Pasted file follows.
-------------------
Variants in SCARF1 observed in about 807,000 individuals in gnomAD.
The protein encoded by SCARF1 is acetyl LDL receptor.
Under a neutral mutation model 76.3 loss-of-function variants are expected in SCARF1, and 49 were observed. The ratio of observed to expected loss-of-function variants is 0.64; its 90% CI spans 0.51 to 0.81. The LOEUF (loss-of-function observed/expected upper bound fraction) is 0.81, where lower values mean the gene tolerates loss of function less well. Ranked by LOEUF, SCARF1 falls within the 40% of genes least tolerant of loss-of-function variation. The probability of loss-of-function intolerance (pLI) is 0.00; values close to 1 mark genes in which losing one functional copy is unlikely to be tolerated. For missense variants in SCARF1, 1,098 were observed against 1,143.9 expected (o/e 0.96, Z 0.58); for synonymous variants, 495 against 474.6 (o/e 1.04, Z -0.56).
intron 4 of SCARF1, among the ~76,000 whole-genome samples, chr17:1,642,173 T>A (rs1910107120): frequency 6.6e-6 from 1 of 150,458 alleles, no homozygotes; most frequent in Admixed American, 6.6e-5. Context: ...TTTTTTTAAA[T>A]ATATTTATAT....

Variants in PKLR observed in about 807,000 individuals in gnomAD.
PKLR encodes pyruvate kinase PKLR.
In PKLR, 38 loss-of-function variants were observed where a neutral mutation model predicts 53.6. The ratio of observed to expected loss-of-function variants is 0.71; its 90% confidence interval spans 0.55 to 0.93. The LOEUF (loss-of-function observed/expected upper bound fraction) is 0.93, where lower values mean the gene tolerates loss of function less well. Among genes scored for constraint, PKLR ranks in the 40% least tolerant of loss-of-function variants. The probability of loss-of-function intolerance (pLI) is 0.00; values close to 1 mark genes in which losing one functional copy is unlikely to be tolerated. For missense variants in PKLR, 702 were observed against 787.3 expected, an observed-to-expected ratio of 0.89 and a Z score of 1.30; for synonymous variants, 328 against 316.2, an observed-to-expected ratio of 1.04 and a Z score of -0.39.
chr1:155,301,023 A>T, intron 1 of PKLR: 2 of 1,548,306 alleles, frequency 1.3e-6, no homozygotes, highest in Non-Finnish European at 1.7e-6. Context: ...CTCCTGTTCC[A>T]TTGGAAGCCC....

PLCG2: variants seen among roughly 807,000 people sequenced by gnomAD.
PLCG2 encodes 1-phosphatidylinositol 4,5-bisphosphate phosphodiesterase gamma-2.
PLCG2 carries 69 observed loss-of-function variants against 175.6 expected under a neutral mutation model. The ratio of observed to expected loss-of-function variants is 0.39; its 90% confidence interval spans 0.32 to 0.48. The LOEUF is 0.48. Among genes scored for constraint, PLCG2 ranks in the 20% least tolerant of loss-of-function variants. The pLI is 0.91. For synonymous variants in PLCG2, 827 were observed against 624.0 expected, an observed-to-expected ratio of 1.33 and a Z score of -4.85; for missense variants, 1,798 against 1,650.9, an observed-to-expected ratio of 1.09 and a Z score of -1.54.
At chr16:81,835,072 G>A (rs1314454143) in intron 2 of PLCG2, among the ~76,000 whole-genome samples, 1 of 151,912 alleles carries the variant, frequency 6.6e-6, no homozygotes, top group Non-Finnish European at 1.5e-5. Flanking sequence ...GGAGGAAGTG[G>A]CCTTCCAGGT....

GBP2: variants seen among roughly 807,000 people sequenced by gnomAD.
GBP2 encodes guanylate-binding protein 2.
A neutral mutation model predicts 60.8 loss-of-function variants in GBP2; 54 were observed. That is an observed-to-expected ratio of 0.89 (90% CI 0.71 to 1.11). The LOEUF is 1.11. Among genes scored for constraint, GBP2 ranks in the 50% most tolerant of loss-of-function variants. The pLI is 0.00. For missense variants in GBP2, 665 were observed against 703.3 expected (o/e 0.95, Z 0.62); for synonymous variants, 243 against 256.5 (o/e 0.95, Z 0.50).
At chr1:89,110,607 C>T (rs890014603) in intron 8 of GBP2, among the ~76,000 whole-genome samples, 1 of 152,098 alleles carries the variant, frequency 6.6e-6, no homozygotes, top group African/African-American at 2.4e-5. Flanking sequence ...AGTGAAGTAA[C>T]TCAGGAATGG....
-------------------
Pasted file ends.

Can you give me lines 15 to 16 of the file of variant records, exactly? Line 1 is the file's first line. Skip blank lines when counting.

A neutral mutation model predicts 60.8 loss-of-function variants in GBP2; 54 were observed. That is an observed-to-expected ratio of 0.89 (90% CI 0.71 to 1.11). The LOEUF is 1.11. Among genes scored for constraint, GBP2 ranks in the 50% most tolerant of loss-of-function variants. The pLI is 0.00. For missense variants in GBP2, 665 were observed against 703.3 expected (o/e 0.95, Z 0.62); for synonymous variants, 243 against 256.5 (o/e 0.95, Z 0.50).
At chr1:89,110,607 C>T (rs890014603) in intron 8 of GBP2, among the ~76,000 whole-genome samples, 1 of 152,098 alleles carries the variant, frequency 6.6e-6, no homozygotes, top group African/African-American at 2.4e-5. Flanking sequence ...AGTGAAGTAA[C>T]TCAGGAATGG....